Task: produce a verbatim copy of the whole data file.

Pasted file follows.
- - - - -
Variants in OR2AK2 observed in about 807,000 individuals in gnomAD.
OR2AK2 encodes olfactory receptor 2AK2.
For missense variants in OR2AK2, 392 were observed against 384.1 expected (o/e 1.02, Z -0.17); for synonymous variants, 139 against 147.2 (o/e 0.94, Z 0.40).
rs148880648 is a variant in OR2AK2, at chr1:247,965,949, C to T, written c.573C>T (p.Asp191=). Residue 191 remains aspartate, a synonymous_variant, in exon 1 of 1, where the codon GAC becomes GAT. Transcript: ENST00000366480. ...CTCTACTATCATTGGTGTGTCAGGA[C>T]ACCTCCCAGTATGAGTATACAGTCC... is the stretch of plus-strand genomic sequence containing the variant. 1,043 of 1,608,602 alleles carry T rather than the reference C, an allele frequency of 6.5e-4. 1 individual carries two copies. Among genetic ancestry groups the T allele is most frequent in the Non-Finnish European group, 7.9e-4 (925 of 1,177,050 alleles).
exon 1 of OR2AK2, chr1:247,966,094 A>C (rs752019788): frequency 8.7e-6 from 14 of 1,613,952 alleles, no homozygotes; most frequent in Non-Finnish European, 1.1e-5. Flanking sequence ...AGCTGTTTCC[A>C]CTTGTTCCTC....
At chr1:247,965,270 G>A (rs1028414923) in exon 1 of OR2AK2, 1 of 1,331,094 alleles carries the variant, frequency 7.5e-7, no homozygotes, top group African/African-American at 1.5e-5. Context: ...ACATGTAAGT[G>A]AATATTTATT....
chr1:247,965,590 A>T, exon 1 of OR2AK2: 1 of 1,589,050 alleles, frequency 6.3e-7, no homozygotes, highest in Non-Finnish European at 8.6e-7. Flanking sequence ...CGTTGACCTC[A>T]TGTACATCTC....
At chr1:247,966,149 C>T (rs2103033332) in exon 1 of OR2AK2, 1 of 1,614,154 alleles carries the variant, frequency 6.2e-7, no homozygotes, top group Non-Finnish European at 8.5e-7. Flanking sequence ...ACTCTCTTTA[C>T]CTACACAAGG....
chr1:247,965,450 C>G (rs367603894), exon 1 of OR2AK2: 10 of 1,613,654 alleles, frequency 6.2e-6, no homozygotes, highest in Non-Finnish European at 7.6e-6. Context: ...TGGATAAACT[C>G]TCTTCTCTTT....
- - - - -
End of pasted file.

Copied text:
Variants in OR2AK2 observed in about 807,000 individuals in gnomAD.
OR2AK2 encodes olfactory receptor 2AK2.
For missense variants in OR2AK2, 392 were observed against 384.1 expected (o/e 1.02, Z -0.17); for synonymous variants, 139 against 147.2 (o/e 0.94, Z 0.40).
rs148880648 is a variant in OR2AK2, at chr1:247,965,949, C to T, written c.573C>T (p.Asp191=). Residue 191 remains aspartate, a synonymous_variant, in exon 1 of 1, where the codon GAC becomes GAT. Transcript: ENST00000366480. ...CTCTACTATCATTGGTGTGTCAGGA[C>T]ACCTCCCAGTATGAGTATACAGTCC... is the stretch of plus-strand genomic sequence containing the variant. 1,043 of 1,608,602 alleles carry T rather than the reference C, an allele frequency of 6.5e-4. 1 individual carries two copies. Among genetic ancestry groups the T allele is most frequent in the Non-Finnish European group, 7.9e-4 (925 of 1,177,050 alleles).
exon 1 of OR2AK2, chr1:247,966,094 A>C (rs752019788): frequency 8.7e-6 from 14 of 1,613,952 alleles, no homozygotes; most frequent in Non-Finnish European, 1.1e-5. Flanking sequence ...AGCTGTTTCC[A>C]CTTGTTCCTC....
At chr1:247,965,270 G>A (rs1028414923) in exon 1 of OR2AK2, 1 of 1,331,094 alleles carries the variant, frequency 7.5e-7, no homozygotes, top group African/African-American at 1.5e-5. Context: ...ACATGTAAGT[G>A]AATATTTATT....
chr1:247,965,590 A>T, exon 1 of OR2AK2: 1 of 1,589,050 alleles, frequency 6.3e-7, no homozygotes, highest in Non-Finnish European at 8.6e-7. Flanking sequence ...CGTTGACCTC[A>T]TGTACATCTC....
At chr1:247,966,149 C>T (rs2103033332) in exon 1 of OR2AK2, 1 of 1,614,154 alleles carries the variant, frequency 6.2e-7, no homozygotes, top group Non-Finnish European at 8.5e-7. Flanking sequence ...ACTCTCTTTA[C>T]CTACACAAGG....
chr1:247,965,450 C>G (rs367603894), exon 1 of OR2AK2: 10 of 1,613,654 alleles, frequency 6.2e-6, no homozygotes, highest in Non-Finnish European at 7.6e-6. Context: ...TGGATAAACT[C>G]TCTTCTCTTT....